Rear charge port, front headset jacks

Well, it was another day with stuff to do around the house but I still found some time for airplane stuff. I wanted to go ahead and finish up the rear seat stuff, so I decided to work on getting the charge port mounted. I would have liked to have terminated the power and ground wires as well, but I seem to be out of the correct fast-on terminals. I do see where I added those to my shopping list a while back but I’d been putting off actually ordering them. No wiorries though, crimping a couple terminals on is easy. Making the holes for the charge port and headset jacks would be more fun.

I decided a while back to mount all these items on the right-side armrest, which would allow for the wiring to be concealed by a cover plate that mounts below. The downside is that this means drilling holes in an awkward spot. The headset holes were pretty easy – they were small enough to be drilled with my modified uni-bit that I can chuck in the angle drill – but the charge port requires a larger hole, and thus my large uni-bit. There was just no way to use that uni-bit with any regular drill, so I resorted to opening the hole as big as it would go with the angle drill, then using the big uni-bit with a socket wrench to finish enlarging the hole by hand:

Another bit of fun with the charge port: there’s a little locating tab that requires filing a slot in the hole to keep the port from rotating. That’s pretty easy, except that the tab itself is about 3/32” deep, more than the thickness of the armrest material. In order for the backing nut to properly snug up, I needed to add a spacer to add a bit of thickness, which I made out of some scrap from my first panel attempt:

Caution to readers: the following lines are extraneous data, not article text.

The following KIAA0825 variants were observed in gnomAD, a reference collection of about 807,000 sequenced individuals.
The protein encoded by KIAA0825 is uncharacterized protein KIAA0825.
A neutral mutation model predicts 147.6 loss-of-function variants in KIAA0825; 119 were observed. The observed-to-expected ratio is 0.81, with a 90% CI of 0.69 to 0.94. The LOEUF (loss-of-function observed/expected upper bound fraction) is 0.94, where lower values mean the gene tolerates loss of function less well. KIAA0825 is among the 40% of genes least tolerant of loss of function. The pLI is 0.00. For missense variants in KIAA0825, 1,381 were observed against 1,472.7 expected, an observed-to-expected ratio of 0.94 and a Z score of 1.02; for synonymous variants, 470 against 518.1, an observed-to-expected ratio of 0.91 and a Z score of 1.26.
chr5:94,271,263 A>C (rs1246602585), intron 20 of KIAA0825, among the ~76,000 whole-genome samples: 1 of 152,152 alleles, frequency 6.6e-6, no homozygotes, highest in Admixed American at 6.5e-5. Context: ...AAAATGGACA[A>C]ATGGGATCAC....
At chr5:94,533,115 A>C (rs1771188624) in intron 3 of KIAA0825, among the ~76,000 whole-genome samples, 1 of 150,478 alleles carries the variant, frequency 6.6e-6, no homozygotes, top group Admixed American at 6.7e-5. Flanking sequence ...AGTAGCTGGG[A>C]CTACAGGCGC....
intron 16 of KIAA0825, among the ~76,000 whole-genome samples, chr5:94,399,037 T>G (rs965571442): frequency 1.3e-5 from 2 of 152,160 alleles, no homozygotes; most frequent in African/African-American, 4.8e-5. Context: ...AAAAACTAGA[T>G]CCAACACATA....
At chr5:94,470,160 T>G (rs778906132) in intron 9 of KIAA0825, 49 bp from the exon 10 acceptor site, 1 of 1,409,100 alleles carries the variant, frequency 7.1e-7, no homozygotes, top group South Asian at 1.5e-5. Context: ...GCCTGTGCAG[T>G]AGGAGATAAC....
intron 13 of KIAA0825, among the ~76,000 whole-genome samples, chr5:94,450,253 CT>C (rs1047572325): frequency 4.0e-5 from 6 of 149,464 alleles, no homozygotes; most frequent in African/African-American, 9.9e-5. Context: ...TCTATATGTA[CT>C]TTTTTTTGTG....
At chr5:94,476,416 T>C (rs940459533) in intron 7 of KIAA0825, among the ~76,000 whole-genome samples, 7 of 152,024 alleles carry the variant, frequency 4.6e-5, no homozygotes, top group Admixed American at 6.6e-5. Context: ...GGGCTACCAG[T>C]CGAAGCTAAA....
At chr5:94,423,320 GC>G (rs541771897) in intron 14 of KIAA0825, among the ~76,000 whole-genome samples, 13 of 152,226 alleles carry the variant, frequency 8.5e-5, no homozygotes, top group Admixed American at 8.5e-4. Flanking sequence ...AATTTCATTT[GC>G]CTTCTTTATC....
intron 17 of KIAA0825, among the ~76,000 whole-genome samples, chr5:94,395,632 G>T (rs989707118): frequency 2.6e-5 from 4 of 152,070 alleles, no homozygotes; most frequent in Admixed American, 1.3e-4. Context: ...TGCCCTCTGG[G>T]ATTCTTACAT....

Finally, though, I got everything installed and now I’ve got a nice little setup in place for the backseater:

Next I went to work on wiring the front headset jacks, which went pretty well other than the soldering being a lot more awkward due to the position of the jacks. Once I got those done, it as time for another headset test. I repeated my test from the previous night, plugging in a headset, testing talking to myself on the intercom, and then testing transmitting with my handheld, all of which worked perfectly.

For my next move, I figured I’d plug up headset front and rear, and get Josie to come out and try a two-person intercom test. Unfortunately, this is where things got interesting. I’d been testing previously with a cheap Flightcom headset; for this, I got out my Lightspeed Zulu, but the moment I plugged it up in the rear jacks there was an obnoxious tone. Eventually I figured this was coming from the Lightspeed set itself, and only happened when I had the microphone cable plugged in.

Interestingly, the Lightspeed set works just fine when plugged up front, and the Flightcom set also works fine when plugged in back. Just to be more thorough with the troubleshooting, I grabbed my QT Halo set…which also works just fine in the back. So the problem is entirely limited to the Lightspeed microphone jack in the rear seat.

One thought I had was that the jack might be grounding out on the armrest, even though I carefully installed the isolating washers. Just for fun, I took the jacks back out of the armrest and tested again…same result. So I have no clue what might be happening here…guess it’s about time to run this by the VAF brain trust.

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